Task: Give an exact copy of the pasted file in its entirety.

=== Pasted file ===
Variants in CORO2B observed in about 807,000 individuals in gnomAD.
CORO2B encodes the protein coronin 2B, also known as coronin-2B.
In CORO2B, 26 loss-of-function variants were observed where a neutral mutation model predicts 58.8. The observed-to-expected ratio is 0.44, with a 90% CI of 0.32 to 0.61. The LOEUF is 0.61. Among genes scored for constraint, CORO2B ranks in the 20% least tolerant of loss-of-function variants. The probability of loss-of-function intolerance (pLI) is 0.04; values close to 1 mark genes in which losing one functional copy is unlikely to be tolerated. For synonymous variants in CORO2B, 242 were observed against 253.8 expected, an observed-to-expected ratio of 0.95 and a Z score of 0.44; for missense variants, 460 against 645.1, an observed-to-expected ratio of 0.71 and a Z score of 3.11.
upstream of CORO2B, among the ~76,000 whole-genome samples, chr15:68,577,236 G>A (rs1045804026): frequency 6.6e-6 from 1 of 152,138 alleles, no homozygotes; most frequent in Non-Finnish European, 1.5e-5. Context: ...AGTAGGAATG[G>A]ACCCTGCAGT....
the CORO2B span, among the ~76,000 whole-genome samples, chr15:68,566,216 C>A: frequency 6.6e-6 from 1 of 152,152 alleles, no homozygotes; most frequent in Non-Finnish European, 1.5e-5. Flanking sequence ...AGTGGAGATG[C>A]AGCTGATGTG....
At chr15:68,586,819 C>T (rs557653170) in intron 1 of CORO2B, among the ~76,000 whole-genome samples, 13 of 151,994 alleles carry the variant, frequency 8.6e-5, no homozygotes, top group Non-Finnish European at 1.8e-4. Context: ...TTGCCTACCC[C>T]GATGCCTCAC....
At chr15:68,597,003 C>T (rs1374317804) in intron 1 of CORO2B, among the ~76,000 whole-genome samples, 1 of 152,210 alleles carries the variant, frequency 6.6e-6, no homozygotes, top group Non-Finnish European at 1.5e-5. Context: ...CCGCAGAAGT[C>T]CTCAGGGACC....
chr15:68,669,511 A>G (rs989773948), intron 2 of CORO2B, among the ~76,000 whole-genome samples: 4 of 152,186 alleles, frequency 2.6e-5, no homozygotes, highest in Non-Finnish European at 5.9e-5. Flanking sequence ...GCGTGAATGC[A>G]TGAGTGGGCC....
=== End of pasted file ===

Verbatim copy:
Variants in CORO2B observed in about 807,000 individuals in gnomAD.
CORO2B encodes the protein coronin 2B, also known as coronin-2B.
In CORO2B, 26 loss-of-function variants were observed where a neutral mutation model predicts 58.8. The observed-to-expected ratio is 0.44, with a 90% CI of 0.32 to 0.61. The LOEUF is 0.61. Among genes scored for constraint, CORO2B ranks in the 20% least tolerant of loss-of-function variants. The probability of loss-of-function intolerance (pLI) is 0.04; values close to 1 mark genes in which losing one functional copy is unlikely to be tolerated. For synonymous variants in CORO2B, 242 were observed against 253.8 expected, an observed-to-expected ratio of 0.95 and a Z score of 0.44; for missense variants, 460 against 645.1, an observed-to-expected ratio of 0.71 and a Z score of 3.11.
upstream of CORO2B, among the ~76,000 whole-genome samples, chr15:68,577,236 G>A (rs1045804026): frequency 6.6e-6 from 1 of 152,138 alleles, no homozygotes; most frequent in Non-Finnish European, 1.5e-5. Context: ...AGTAGGAATG[G>A]ACCCTGCAGT....
the CORO2B span, among the ~76,000 whole-genome samples, chr15:68,566,216 C>A: frequency 6.6e-6 from 1 of 152,152 alleles, no homozygotes; most frequent in Non-Finnish European, 1.5e-5. Flanking sequence ...AGTGGAGATG[C>A]AGCTGATGTG....
At chr15:68,586,819 C>T (rs557653170) in intron 1 of CORO2B, among the ~76,000 whole-genome samples, 13 of 151,994 alleles carry the variant, frequency 8.6e-5, no homozygotes, top group Non-Finnish European at 1.8e-4. Context: ...TTGCCTACCC[C>T]GATGCCTCAC....
At chr15:68,597,003 C>T (rs1374317804) in intron 1 of CORO2B, among the ~76,000 whole-genome samples, 1 of 152,210 alleles carries the variant, frequency 6.6e-6, no homozygotes, top group Non-Finnish European at 1.5e-5. Context: ...CCGCAGAAGT[C>T]CTCAGGGACC....
chr15:68,669,511 A>G (rs989773948), intron 2 of CORO2B, among the ~76,000 whole-genome samples: 4 of 152,186 alleles, frequency 2.6e-5, no homozygotes, highest in Non-Finnish European at 5.9e-5. Flanking sequence ...GCGTGAATGC[A>G]TGAGTGGGCC....